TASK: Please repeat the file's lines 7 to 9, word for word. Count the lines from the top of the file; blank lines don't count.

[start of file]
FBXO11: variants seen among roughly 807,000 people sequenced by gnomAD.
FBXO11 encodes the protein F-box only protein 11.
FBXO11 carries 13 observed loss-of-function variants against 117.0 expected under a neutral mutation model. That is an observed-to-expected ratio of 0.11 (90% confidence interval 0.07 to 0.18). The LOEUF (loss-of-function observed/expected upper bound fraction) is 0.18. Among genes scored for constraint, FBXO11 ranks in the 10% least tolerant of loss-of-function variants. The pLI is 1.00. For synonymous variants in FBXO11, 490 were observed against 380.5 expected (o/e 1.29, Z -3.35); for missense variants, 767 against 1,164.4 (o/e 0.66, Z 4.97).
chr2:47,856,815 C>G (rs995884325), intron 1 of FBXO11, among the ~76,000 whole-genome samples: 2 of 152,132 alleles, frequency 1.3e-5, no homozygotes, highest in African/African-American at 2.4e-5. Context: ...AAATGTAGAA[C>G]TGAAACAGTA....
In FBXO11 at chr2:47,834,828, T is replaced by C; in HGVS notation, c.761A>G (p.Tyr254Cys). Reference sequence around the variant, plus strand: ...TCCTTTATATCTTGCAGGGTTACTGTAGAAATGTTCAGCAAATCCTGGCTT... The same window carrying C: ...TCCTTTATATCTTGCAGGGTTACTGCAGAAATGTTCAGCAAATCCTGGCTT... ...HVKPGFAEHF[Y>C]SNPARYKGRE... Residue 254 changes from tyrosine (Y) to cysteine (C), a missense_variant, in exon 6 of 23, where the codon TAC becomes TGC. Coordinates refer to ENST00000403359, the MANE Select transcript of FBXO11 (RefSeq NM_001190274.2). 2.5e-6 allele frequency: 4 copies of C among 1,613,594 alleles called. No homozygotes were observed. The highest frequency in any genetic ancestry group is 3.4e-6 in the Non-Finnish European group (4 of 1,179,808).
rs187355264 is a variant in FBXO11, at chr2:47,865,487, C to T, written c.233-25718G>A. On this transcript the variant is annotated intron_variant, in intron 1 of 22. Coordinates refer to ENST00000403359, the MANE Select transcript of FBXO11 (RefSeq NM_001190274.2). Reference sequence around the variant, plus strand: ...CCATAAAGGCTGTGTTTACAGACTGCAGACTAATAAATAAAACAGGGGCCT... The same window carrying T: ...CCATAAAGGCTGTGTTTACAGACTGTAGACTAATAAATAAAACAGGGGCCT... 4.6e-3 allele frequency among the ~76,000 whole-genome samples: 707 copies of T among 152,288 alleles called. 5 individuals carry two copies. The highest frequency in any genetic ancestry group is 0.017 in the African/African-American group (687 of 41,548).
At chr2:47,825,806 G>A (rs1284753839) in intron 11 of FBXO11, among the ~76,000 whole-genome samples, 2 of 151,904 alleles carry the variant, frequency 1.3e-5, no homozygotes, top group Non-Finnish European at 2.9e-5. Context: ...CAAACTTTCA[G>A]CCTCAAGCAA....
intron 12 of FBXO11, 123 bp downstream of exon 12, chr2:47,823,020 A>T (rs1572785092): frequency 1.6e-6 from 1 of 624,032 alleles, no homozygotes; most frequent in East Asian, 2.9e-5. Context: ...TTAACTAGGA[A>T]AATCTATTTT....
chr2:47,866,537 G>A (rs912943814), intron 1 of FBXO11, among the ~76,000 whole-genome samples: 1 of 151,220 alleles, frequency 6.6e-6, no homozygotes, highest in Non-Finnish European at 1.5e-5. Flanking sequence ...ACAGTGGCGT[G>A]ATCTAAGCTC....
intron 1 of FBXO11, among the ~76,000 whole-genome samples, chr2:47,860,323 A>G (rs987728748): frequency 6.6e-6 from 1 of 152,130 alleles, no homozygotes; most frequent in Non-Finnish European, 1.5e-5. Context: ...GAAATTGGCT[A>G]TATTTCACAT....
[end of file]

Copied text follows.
At chr2:47,825,806 G>A (rs1284753839) in intron 11 of FBXO11, among the ~76,000 whole-genome samples, 2 of 151,904 alleles carry the variant, frequency 1.3e-5, no homozygotes, top group Non-Finnish European at 2.9e-5. Context: ...CAAACTTTCA[G>A]CCTCAAGCAA....
intron 12 of FBXO11, 123 bp downstream of exon 12, chr2:47,823,020 A>T (rs1572785092): frequency 1.6e-6 from 1 of 624,032 alleles, no homozygotes; most frequent in East Asian, 2.9e-5. Context: ...TTAACTAGGA[A>T]AATCTATTTT....
chr2:47,866,537 G>A (rs912943814), intron 1 of FBXO11, among the ~76,000 whole-genome samples: 1 of 151,220 alleles, frequency 6.6e-6, no homozygotes, highest in Non-Finnish European at 1.5e-5. Flanking sequence ...ACAGTGGCGT[G>A]ATCTAAGCTC....